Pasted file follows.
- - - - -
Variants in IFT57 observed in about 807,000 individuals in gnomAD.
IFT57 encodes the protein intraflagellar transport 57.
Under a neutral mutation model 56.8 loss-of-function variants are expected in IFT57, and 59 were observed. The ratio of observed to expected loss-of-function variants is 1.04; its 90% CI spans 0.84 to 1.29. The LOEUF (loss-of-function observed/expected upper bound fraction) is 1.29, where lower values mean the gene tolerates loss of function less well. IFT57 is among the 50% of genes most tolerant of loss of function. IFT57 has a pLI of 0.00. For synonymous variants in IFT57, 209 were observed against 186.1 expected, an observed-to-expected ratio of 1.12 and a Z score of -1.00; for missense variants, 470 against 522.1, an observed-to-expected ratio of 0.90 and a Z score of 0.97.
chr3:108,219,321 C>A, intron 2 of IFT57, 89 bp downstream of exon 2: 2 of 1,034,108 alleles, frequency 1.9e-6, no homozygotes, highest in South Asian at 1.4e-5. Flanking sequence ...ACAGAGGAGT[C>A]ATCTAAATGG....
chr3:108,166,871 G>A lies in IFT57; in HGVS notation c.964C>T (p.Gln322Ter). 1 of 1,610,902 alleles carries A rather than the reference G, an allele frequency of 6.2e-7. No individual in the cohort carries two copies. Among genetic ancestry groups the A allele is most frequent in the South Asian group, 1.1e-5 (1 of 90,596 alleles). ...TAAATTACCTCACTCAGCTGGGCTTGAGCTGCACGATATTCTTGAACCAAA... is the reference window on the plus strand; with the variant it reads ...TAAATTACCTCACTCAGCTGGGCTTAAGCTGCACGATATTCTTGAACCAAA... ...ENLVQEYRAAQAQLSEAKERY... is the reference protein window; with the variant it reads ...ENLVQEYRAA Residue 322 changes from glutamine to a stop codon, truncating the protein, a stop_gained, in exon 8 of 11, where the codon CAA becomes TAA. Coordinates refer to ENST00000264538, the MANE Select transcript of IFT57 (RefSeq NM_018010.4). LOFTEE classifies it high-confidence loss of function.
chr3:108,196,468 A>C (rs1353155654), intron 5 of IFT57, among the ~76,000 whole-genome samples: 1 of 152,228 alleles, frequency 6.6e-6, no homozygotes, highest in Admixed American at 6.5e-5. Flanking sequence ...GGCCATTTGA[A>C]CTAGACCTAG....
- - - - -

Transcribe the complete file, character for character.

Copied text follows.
Variants in IFT57 observed in about 807,000 individuals in gnomAD.
IFT57 encodes the protein intraflagellar transport 57.
Under a neutral mutation model 56.8 loss-of-function variants are expected in IFT57, and 59 were observed. The ratio of observed to expected loss-of-function variants is 1.04; its 90% CI spans 0.84 to 1.29. The LOEUF (loss-of-function observed/expected upper bound fraction) is 1.29, where lower values mean the gene tolerates loss of function less well. IFT57 is among the 50% of genes most tolerant of loss of function. IFT57 has a pLI of 0.00. For synonymous variants in IFT57, 209 were observed against 186.1 expected, an observed-to-expected ratio of 1.12 and a Z score of -1.00; for missense variants, 470 against 522.1, an observed-to-expected ratio of 0.90 and a Z score of 0.97.
chr3:108,219,321 C>A, intron 2 of IFT57, 89 bp downstream of exon 2: 2 of 1,034,108 alleles, frequency 1.9e-6, no homozygotes, highest in South Asian at 1.4e-5. Flanking sequence ...ACAGAGGAGT[C>A]ATCTAAATGG....
chr3:108,166,871 G>A lies in IFT57; in HGVS notation c.964C>T (p.Gln322Ter). 1 of 1,610,902 alleles carries A rather than the reference G, an allele frequency of 6.2e-7. No individual in the cohort carries two copies. Among genetic ancestry groups the A allele is most frequent in the South Asian group, 1.1e-5 (1 of 90,596 alleles). ...TAAATTACCTCACTCAGCTGGGCTTGAGCTGCACGATATTCTTGAACCAAA... is the reference window on the plus strand; with the variant it reads ...TAAATTACCTCACTCAGCTGGGCTTAAGCTGCACGATATTCTTGAACCAAA... ...ENLVQEYRAAQAQLSEAKERY... is the reference protein window; with the variant it reads ...ENLVQEYRAA Residue 322 changes from glutamine to a stop codon, truncating the protein, a stop_gained, in exon 8 of 11, where the codon CAA becomes TAA. Coordinates refer to ENST00000264538, the MANE Select transcript of IFT57 (RefSeq NM_018010.4). LOFTEE classifies it high-confidence loss of function.
chr3:108,196,468 A>C (rs1353155654), intron 5 of IFT57, among the ~76,000 whole-genome samples: 1 of 152,228 alleles, frequency 6.6e-6, no homozygotes, highest in Admixed American at 6.5e-5. Flanking sequence ...GGCCATTTGA[A>C]CTAGACCTAG....